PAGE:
This two-seater fighting scout was the first British aeroplane to have a machine-gun firing through the airscrew disc by means of an interrupter gear, and was also the first to be fitted with a Scarff ring mounting for the observer, later to become standardized.
The name “1½ Strutter” emanated from the splayed centre section struts, which appeared to be composed of “one-and-a-half” struts, the inner short and the outer long.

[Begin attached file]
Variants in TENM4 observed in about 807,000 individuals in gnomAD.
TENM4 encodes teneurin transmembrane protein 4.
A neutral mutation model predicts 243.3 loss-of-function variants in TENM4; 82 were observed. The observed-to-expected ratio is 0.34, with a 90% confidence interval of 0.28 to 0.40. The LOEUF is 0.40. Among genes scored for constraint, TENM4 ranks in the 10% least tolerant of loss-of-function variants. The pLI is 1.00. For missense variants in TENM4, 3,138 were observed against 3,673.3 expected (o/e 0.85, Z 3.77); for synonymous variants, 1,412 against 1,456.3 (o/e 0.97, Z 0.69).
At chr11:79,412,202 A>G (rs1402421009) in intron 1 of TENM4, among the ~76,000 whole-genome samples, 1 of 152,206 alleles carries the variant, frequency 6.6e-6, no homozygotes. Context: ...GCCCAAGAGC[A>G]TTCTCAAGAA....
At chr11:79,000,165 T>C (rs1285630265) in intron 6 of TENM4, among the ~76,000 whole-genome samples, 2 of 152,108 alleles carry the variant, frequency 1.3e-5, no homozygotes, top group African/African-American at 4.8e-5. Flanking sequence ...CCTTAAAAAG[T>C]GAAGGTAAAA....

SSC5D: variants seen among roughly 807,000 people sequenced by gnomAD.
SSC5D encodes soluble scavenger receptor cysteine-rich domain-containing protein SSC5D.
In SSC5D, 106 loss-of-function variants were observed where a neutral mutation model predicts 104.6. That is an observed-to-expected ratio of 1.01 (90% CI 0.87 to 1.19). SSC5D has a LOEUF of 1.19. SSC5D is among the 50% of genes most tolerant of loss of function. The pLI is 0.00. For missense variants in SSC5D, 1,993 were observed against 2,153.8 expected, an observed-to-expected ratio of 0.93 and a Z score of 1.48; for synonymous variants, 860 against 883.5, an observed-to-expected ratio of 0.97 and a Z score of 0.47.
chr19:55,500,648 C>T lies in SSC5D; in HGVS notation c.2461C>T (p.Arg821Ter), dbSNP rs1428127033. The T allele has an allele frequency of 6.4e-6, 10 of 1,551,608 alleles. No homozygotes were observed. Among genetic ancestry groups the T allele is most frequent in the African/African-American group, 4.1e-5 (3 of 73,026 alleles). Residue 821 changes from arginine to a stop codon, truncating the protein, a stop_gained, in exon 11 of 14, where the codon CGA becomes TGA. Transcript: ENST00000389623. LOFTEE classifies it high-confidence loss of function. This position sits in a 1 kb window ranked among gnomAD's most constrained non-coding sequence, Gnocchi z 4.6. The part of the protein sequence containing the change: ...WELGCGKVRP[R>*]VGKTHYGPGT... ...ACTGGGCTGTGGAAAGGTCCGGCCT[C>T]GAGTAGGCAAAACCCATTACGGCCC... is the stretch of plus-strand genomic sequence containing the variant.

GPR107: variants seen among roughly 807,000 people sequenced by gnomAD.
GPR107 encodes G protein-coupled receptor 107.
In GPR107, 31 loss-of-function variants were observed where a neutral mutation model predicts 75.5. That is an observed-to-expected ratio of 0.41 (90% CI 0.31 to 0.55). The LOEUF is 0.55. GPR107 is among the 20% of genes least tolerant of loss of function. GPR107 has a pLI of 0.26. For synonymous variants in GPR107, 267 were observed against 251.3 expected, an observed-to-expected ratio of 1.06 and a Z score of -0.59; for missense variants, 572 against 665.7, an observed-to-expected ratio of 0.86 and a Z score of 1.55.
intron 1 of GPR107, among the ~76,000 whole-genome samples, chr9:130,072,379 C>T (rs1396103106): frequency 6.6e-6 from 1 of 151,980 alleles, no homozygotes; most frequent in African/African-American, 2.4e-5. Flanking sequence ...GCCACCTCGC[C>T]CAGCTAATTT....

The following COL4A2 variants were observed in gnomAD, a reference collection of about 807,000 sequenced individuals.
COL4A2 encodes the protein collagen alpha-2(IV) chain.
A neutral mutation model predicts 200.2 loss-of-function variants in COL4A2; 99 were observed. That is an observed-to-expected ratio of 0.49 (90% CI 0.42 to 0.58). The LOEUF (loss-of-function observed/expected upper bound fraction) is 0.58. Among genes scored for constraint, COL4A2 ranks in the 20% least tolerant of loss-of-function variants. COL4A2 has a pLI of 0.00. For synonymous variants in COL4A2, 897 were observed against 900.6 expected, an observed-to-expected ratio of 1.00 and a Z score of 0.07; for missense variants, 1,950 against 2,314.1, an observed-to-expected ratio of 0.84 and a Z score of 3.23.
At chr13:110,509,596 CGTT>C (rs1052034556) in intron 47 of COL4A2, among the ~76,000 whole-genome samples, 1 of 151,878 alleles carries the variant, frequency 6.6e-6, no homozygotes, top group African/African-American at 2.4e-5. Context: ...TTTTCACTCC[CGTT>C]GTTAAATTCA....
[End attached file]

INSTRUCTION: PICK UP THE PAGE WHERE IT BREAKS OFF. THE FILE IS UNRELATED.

Upon their arrival on the Western Front as reinforcements for the Battle of the Somme on the 24th of May 1916, Strutters were used for fighting, escort duties, reconnaissance and day bombing. A vast improvement over the ‘pusher’ type machines previously used for such work, Strutters were soon outmatched by the new Albatros and Halberstadt scouts. Even so, the type was used by the air services of many countries throughout the war and became one of the mainstays of the American Expeditionary Forces. It continued in service into the early 1920’s with the United States and Royal Navies in observation duties, flying from wooden platforms fitted to the turrets of battleships.